You’d surely have seen the CC and BCC fields in and around your email account or on your desktop email software (Outlook, Eudora). Do you know what these terms mean and do you know how to use these? If you do, great; if you don’t here are the differences for the folks who are not aware:
- Before the “CC” and the “BCC” fields, there is a “To” field, which must carry the email ID of the person to whom you are sending the email. This is mentioned just as a FYI – it has nothing to do with the difference between CC and BCC.
- CC means “Carbon Copy” while BCC means “Blind Carbon Copy.” “CC” is sometimes referred to as the “Courtesy Copy.”
- The CC field is like a “To” field. You should fill it in when you want to forward a copy of your email to any party who has an interest in the email discussion, and when you want the receiver of your email to know that a copy of the email was forwarded to other person/s as well. The person to whom the CC is sent may or may not be required to participate in the email discussion – he may just need to be informed. For example, if a debtor is not paying up his dues, then the finance department can send him a “pay-up” email with a copy to the management. The BCC field contains email IDs of people who should read the email to know what is going on, but the important difference here is that the email sender does not want the receiver to know about the people to whom copies of the email have been sent. So, email IDs that are entered in the BCC field are not visible to the receiver of the email. If in the example above, the finance department was sending a “pay-up” letter to a very important and large customer, then it could have BCC-ed the email to the management. This would have ensured that the management was in the loop – and the email receiver too would not know anything about the email’s BCC list, and there would be no chance of him taking any offence.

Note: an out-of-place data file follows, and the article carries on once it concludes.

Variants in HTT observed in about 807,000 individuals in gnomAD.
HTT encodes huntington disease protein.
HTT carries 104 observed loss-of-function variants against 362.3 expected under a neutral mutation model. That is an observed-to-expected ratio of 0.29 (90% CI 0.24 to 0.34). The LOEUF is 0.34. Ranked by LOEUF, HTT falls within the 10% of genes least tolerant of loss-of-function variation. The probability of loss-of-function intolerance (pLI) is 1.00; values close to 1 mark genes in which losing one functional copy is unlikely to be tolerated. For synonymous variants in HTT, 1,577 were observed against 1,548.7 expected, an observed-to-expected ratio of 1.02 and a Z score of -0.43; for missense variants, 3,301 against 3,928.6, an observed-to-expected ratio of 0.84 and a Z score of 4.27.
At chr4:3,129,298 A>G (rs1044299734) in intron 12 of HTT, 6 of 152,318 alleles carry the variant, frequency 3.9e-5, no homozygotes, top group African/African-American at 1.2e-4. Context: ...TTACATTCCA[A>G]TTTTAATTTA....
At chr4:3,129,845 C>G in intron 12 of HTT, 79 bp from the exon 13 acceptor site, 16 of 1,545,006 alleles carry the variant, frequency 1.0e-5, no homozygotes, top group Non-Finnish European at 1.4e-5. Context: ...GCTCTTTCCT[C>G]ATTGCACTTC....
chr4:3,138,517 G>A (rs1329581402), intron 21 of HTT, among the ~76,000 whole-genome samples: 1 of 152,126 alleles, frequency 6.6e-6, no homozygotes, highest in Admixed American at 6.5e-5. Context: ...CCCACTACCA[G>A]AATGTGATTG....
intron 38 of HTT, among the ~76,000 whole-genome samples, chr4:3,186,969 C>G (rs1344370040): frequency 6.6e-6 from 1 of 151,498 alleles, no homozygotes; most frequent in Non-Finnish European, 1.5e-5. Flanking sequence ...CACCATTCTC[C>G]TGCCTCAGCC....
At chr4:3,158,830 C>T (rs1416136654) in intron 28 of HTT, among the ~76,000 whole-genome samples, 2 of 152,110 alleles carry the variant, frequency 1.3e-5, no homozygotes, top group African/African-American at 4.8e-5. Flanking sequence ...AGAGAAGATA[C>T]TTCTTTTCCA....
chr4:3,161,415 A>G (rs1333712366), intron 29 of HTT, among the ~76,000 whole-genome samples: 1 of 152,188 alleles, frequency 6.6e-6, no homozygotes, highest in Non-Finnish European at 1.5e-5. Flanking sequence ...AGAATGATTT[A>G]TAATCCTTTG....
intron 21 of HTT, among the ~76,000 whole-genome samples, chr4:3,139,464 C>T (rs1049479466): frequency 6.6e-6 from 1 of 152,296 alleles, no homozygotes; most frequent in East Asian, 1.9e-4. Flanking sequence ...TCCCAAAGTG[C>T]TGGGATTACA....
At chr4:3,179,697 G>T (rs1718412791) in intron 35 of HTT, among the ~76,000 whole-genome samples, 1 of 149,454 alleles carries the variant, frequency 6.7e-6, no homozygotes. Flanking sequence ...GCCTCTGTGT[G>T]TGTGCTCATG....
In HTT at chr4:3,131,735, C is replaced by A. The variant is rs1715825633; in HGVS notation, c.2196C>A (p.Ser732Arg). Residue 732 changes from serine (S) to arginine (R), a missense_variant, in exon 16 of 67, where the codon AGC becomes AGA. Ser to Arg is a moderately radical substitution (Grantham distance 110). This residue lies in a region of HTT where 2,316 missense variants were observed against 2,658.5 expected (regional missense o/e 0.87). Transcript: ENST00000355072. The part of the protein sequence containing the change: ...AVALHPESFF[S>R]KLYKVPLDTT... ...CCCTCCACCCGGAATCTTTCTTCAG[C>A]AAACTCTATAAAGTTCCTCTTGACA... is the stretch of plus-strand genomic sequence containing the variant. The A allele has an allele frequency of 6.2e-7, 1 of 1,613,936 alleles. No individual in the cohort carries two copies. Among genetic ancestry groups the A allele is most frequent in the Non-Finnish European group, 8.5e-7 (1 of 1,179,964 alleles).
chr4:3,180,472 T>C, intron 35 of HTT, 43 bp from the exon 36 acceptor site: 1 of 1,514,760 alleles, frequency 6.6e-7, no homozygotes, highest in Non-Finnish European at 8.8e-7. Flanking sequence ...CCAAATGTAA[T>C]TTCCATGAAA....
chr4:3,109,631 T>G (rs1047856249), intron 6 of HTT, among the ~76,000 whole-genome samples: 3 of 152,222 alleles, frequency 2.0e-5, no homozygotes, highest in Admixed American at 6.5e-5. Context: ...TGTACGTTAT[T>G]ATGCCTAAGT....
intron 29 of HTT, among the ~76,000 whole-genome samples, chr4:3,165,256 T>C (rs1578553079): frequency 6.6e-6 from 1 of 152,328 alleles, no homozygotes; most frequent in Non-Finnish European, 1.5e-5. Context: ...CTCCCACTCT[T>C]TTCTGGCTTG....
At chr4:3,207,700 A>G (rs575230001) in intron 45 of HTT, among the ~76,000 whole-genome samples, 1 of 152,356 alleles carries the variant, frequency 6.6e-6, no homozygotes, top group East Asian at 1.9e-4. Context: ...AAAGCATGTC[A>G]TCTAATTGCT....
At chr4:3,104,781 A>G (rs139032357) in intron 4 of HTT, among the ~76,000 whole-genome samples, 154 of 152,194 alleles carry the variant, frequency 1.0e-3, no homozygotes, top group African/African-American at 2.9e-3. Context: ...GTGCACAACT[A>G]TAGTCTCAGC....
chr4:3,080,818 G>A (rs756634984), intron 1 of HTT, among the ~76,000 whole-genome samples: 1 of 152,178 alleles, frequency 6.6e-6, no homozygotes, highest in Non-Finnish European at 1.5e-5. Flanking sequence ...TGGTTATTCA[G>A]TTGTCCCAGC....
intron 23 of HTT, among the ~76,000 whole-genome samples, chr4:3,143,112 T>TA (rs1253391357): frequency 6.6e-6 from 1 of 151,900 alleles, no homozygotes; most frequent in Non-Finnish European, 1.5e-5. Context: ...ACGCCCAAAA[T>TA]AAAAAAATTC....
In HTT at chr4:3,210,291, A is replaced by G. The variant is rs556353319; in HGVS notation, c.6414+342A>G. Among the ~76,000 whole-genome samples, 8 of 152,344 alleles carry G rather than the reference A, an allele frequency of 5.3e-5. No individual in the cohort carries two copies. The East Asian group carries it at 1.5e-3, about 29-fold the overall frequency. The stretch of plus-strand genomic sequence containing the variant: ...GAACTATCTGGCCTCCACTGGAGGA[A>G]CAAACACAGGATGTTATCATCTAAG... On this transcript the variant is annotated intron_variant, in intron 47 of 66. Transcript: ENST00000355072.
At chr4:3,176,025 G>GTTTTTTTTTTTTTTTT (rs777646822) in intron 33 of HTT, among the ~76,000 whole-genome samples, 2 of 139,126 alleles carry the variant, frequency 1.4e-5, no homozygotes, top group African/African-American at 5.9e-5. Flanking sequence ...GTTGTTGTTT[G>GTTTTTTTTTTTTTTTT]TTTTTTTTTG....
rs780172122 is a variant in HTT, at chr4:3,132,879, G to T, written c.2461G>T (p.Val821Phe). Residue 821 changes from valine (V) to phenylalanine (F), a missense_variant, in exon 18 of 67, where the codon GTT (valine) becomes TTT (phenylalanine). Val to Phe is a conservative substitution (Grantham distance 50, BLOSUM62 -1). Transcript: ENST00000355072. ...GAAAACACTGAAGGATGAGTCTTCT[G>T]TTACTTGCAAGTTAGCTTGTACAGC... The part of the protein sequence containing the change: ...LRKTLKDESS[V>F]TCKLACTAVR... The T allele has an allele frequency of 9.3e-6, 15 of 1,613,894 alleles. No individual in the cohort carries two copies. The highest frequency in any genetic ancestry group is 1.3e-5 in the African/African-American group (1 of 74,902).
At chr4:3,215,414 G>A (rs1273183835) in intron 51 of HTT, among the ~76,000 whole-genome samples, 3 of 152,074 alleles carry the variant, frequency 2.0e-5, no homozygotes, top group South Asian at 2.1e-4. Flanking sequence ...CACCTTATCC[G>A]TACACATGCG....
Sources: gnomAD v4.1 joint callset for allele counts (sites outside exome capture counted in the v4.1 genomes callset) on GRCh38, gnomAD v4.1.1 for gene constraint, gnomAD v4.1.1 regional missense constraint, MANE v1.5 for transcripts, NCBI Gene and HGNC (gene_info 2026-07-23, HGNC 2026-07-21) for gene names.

- An email ID in the CC field indicates to the reader that there is someone who is aware about the email’s content. The email ID in a BCC field does not display a list of people who received the email, and so the receiver is completely unaware about the list of the email’s receivers.
- When the email receiver hits “Reply all,” his email goes out to the sender and all the people in the CC. But, it does not go to the people in the BCC, because such BCC-ed email IDs did not appear in the receiver’s email message (but they did appear in the sender’s email’s fields).
- BCC is typically misused for spamming people. The CC cannot be misused for spam.
- BCC can also be used in cases when the list of receivers is very long. You don’t want the email receiver to be burdened with 100s of visible email addresses in the CC, do you?
- If you enter multiple email IDs in the CC field, all the receivers can see the people who got the mail. However, when multiple email IDs are entered in the BCC field, the recipients cannot figure out the people to whom the email was sent (other than the folks in the To and CC fields).
These are the essential differences between CC and BCC.